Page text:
Mom says she is very lucky because she didn't get to know her own great-grandmother yet she already has 20 great-grandchildren who know and love her.  She enjoys cooking and is always trying to feed people.  No one makes better potato salad, chili, or homemade bread.  She can be counted on to have chips, candy, cake, and/or something in the crock pot.  She is self-sacrificing, gentle, generous, and unfailingly kind.

She and Dad were married for 59 years before his death a year ago, and until then she had never filled her car with gas.  She's had to stretch her boundaries now, and some things have been hard for her but she tries to hide her pain so others aren't uncomfortable.

My mom and I haven't always seen eye-to-eye and I know I've cost her lots of sleep.  I was sick (and in the hospital) a lot when I was small, I married too young to a guy she wasn't sure about,  I've put her through two open-heart surgeries (mine, not hers), and I don't always do the things she would like me to do.  But I have never walked in her home without hearing a cheerful hello and a happy-to-see-you smile.  She is a very special lady.  The picture was taken at a grandson's wedding.  

Thursday, July 17, 2008

Sky Watch This Week

I didn't post a Sky Watch photo last week because nothing was different from the week before--just mountains and blue sky.  Then, on Saturday, on my regular 300-mile commute, we got to drive toward a rainstorm.  I took the picture through the window of the truck, traveling 75 mph on the freeway!  Don't worry, hubby was driving.  If you click, you can see the bigger picture.  It really was beautiful.
For more fabulous pictures join us at SkyWatch Friday, started by Mr. Tom Wigley.

Wednesday, July 16, 2008

Princesses and Sports Cars

For anyone interested in finding their own inner Disney Princess, or hot car, here are the links for the quizzes I took.  I've found there are several sites out there that have a quiz to determine your Princess characteristics, but this one is more detailed and the one my family had fun with.

The Sports Car quiz is much shorter, not nearly as much reading and thinking.

Enjoy and let me know if there are any Pocahontas/Mustangs out there.

Tuesday, July 15, 2008

Odds and Ends

I saw a few more interesting vanity license plates.  One made me think for a minute: MUZCMKR.  It was on a mini van, with a mid-thirtyish couple I could see.  I sort of wanted to know more about them.

This morning, while driving my teen-age nephew to basketball camp, I saw a red Mustang that had Sixty 4.  I don't know that much about cars, but I'm pretty sure it referred to the car and not the driver (he'd have to get a new plate every year).  By the way, I took a little quiz a few days ago to determine which kind of sporty car I was--it came out Mustang, all American muscle car.  I can't remember all the qualities the Mustang and I seemed to share, but it was kind of silly and fun (I wanted to be the Corvette though).  I've also taken a quiz to find out which Disney princess I am.  In that case I was Pocahontas (my niece thought the accompanying description fit me well).  She was Ariel and her description was right on.  Crazy stuff on the Net.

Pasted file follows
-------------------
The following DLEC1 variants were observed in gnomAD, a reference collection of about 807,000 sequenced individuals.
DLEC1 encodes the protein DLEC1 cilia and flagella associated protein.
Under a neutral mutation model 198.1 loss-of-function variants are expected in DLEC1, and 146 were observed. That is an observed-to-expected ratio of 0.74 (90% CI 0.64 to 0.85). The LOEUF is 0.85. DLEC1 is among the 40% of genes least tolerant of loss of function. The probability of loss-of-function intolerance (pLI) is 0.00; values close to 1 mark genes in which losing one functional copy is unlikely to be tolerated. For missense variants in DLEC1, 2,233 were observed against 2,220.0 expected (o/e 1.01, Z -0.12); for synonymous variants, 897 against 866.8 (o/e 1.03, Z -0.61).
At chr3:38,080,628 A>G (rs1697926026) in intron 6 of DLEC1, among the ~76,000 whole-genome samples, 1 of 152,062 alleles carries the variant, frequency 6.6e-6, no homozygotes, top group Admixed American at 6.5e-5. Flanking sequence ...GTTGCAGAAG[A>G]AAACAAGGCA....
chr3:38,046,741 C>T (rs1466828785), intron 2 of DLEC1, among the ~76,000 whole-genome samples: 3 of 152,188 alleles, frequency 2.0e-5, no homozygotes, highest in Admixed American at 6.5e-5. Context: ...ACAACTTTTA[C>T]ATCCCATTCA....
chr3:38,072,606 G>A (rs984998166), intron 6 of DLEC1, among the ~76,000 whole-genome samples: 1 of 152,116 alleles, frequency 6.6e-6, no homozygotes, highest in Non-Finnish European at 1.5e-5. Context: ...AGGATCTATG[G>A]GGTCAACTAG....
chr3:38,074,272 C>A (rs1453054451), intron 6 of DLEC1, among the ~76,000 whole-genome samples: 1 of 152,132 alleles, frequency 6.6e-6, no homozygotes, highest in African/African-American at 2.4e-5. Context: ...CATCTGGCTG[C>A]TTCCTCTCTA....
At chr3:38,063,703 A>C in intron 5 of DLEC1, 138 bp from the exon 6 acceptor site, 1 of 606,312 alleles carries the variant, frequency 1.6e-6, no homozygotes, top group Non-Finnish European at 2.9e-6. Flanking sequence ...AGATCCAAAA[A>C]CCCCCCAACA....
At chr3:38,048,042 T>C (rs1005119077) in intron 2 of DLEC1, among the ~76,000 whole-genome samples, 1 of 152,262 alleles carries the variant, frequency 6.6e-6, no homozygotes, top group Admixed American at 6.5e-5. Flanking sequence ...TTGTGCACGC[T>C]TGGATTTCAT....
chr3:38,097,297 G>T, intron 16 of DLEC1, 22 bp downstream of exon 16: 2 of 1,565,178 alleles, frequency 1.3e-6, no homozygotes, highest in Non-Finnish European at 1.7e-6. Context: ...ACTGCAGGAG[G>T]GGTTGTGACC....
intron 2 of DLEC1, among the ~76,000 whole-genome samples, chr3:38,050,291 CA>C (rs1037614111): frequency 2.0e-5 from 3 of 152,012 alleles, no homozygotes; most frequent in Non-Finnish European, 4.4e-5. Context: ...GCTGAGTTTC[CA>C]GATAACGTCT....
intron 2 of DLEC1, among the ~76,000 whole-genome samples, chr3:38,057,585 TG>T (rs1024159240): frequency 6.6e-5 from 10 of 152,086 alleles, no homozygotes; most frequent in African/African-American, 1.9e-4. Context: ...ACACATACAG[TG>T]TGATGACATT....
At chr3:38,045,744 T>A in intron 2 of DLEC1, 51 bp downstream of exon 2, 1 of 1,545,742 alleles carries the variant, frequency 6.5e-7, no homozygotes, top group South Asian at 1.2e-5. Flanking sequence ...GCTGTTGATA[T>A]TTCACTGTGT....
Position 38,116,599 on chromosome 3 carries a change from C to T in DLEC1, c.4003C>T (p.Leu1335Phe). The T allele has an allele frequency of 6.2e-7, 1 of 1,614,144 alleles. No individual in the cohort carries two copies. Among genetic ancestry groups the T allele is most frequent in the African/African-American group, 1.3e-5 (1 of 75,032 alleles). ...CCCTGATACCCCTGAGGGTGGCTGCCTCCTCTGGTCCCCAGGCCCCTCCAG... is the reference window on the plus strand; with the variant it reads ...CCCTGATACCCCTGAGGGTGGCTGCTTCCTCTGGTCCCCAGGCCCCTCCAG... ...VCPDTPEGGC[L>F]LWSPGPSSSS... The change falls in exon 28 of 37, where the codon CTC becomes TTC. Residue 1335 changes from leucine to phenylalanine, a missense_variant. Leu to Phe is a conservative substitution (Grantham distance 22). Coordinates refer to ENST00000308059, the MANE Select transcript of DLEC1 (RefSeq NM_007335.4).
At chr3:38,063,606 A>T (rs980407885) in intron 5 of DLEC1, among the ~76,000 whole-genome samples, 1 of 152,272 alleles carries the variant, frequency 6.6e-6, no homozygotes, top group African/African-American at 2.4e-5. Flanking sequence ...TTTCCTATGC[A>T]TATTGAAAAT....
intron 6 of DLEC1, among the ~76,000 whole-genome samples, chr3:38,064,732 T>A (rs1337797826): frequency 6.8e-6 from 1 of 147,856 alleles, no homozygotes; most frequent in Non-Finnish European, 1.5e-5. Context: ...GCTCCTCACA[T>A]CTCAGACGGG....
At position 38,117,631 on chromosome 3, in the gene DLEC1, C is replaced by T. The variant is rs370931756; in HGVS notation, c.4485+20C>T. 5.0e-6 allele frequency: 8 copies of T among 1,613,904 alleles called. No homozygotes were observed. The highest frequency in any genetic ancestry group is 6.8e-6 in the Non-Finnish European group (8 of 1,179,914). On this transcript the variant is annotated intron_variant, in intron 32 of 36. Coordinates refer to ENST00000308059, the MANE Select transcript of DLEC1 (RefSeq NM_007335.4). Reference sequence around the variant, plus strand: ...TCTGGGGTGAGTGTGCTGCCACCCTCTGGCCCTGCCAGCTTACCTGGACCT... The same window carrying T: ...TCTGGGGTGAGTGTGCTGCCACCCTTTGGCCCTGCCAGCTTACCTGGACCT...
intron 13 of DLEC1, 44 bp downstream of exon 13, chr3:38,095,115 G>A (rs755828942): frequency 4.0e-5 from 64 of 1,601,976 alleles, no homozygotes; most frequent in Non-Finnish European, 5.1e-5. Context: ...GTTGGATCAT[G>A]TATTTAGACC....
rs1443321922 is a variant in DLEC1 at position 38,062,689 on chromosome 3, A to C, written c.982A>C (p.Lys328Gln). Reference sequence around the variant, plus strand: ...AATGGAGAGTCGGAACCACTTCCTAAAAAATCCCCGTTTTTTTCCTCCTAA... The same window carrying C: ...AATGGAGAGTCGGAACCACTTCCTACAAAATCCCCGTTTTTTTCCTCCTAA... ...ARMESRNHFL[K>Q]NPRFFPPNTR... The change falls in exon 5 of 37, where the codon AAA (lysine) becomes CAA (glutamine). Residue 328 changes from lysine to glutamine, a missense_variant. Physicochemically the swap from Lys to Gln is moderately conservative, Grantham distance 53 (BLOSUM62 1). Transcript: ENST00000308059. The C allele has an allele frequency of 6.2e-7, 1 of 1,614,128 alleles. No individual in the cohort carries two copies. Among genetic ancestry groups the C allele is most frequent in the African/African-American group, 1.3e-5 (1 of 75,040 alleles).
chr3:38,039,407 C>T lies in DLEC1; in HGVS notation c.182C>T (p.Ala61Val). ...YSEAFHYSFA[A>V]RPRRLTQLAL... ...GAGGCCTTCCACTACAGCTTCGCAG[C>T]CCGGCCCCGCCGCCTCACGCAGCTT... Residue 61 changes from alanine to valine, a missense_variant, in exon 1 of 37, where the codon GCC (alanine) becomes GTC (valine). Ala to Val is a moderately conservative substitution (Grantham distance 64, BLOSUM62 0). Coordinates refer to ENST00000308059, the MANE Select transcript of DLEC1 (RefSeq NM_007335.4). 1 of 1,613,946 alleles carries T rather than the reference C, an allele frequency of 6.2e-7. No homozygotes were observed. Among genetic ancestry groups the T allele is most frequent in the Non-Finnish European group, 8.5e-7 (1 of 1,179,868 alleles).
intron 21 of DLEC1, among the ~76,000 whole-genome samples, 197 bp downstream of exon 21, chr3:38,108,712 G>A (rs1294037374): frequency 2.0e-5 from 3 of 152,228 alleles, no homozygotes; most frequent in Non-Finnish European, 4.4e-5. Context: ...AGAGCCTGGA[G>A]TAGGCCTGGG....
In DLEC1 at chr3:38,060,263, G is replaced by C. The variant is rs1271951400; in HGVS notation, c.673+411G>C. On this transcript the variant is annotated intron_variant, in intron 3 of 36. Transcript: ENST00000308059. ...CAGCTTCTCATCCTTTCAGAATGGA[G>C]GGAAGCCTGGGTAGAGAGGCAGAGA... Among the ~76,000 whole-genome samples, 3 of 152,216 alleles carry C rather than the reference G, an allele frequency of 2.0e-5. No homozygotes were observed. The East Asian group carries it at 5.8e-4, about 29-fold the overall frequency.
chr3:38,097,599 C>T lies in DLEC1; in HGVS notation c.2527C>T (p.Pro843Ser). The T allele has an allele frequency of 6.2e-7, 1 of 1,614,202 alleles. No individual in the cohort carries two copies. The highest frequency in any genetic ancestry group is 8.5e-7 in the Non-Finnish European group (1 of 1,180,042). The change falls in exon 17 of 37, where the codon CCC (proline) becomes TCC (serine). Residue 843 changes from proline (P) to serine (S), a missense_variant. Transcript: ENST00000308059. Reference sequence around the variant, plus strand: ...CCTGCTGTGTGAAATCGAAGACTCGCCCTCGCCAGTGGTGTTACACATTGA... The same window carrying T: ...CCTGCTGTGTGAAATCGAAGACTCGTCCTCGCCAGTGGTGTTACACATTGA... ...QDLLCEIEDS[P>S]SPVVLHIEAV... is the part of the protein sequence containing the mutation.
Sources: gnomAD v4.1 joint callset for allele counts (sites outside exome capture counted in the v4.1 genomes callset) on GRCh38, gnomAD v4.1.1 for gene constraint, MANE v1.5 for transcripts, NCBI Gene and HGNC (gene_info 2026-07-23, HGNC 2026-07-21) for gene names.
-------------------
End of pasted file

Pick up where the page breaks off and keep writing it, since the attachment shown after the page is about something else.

Anyway, another license plate this morning was on one of those cars that look like a rolling toaster--I think it was a Honda.  The plate said: 5-6-7-8.  It reminded me of an old high school cheer, "5 6 7 8 , who do we appreciate?"  I wondered what it meant to the owner of the car.

Finally, a headline in the newpaper said that a quote was "misattributed" to someone.  I know editors want article headlines to be short, yet give the gist of the story, but where will the word inventions end?  People are misidentified, there is rampant language misusage, or I am just being miszealous?


Monday, July 14, 2008

How Does a Garden Grow?

I've missed a few days.  It may happen again if life, or lack thereof, gets in my way.  

We made our 600 mile round trip drive over the weekend (from temporary townhouse to permanent home) and stopped off at my husband's parents' home.  I decided I wanted to talk about my father-in-law and his pride and joy--his garden.  Every winter he pines away, stuck inside, waiting for the time he can get outside and get his garden ready for planting.  From April into September he is outside: tilling, fertilizing, planting, weeding, irrigating, coaxing, encouraging, fighting pests and wandering deer, worrying about high winds or hail storms, and supervising the harvest.  The only thing that can take him away for a few hours is a fishing trip.

He says that the garden is about 80 feet by 80 feet.  I know that it is amazing and weeds are not brave enough to intrude.  I've already shared in the early radishes, beets and greens are almost ready (this weekend), peas are ready, cabbage is getting close.  As summer winds up there will be tubs of tomatoes (the best you've ever eaten), lots of corn (to eat fresh on the cob and to freeze), beans, cucumbers, squash (including zucchini), chard, onions, peppers, carrots, and finally potatoes.  I'm sure there are several plants I have forgotten.  It is a bounty he gladly shares with his family and friends.   That doesn't even count the numerous apple trees, along with an occasional peach, pear, plum, and apricot trees that cover the rest of his property.  Most of the fruit trees suffered from a frost this spring, so this is not a year for abundant fruit. My mother-in-law is relieved about that, she canned so much applesauce last year that she's glad for a year off.